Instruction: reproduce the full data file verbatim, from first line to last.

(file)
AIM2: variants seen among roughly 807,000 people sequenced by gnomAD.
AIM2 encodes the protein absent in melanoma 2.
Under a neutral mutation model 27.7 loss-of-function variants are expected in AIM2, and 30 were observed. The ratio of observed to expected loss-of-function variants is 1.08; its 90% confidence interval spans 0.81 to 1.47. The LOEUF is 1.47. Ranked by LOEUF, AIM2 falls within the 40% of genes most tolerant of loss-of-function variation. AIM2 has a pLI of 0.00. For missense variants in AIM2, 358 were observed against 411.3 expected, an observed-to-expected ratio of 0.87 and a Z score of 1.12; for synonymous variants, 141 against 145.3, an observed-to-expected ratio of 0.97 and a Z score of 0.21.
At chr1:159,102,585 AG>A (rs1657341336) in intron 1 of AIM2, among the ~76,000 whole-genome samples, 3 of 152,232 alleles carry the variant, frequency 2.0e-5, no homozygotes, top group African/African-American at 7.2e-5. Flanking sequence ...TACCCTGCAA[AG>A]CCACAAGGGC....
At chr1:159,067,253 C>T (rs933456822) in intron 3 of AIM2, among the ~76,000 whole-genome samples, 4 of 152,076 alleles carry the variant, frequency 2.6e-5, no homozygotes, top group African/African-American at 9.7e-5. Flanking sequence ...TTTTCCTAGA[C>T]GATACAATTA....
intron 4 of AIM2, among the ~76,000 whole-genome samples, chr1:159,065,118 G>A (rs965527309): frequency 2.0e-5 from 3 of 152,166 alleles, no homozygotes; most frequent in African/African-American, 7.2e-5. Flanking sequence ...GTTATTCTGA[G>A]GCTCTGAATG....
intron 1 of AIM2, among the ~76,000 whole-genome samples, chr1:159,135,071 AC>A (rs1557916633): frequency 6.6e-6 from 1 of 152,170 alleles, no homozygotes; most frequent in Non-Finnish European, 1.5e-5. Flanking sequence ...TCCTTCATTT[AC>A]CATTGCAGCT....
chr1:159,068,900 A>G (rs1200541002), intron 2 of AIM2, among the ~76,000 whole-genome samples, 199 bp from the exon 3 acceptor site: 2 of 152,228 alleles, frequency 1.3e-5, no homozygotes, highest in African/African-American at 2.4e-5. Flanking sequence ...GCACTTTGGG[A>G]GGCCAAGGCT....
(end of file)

AIM2: variants seen among roughly 807,000 people sequenced by gnomAD.
AIM2 encodes the protein absent in melanoma 2.
Under a neutral mutation model 27.7 loss-of-function variants are expected in AIM2, and 30 were observed. The ratio of observed to expected loss-of-function variants is 1.08; its 90% confidence interval spans 0.81 to 1.47. The LOEUF is 1.47. Ranked by LOEUF, AIM2 falls within the 40% of genes most tolerant of loss-of-function variation. AIM2 has a pLI of 0.00. For missense variants in AIM2, 358 were observed against 411.3 expected, an observed-to-expected ratio of 0.87 and a Z score of 1.12; for synonymous variants, 141 against 145.3, an observed-to-expected ratio of 0.97 and a Z score of 0.21.
At chr1:159,102,585 AG>A (rs1657341336) in intron 1 of AIM2, among the ~76,000 whole-genome samples, 3 of 152,232 alleles carry the variant, frequency 2.0e-5, no homozygotes, top group African/African-American at 7.2e-5. Flanking sequence ...TACCCTGCAA[AG>A]CCACAAGGGC....
At chr1:159,067,253 C>T (rs933456822) in intron 3 of AIM2, among the ~76,000 whole-genome samples, 4 of 152,076 alleles carry the variant, frequency 2.6e-5, no homozygotes, top group African/African-American at 9.7e-5. Flanking sequence ...TTTTCCTAGA[C>T]GATACAATTA....
intron 4 of AIM2, among the ~76,000 whole-genome samples, chr1:159,065,118 G>A (rs965527309): frequency 2.0e-5 from 3 of 152,166 alleles, no homozygotes; most frequent in African/African-American, 7.2e-5. Flanking sequence ...GTTATTCTGA[G>A]GCTCTGAATG....
intron 1 of AIM2, among the ~76,000 whole-genome samples, chr1:159,135,071 AC>A (rs1557916633): frequency 6.6e-6 from 1 of 152,170 alleles, no homozygotes; most frequent in Non-Finnish European, 1.5e-5. Flanking sequence ...TCCTTCATTT[AC>A]CATTGCAGCT....
chr1:159,068,900 A>G (rs1200541002), intron 2 of AIM2, among the ~76,000 whole-genome samples, 199 bp from the exon 3 acceptor site: 2 of 152,228 alleles, frequency 1.3e-5, no homozygotes, highest in African/African-American at 2.4e-5. Flanking sequence ...GCACTTTGGG[A>G]GGCCAAGGCT....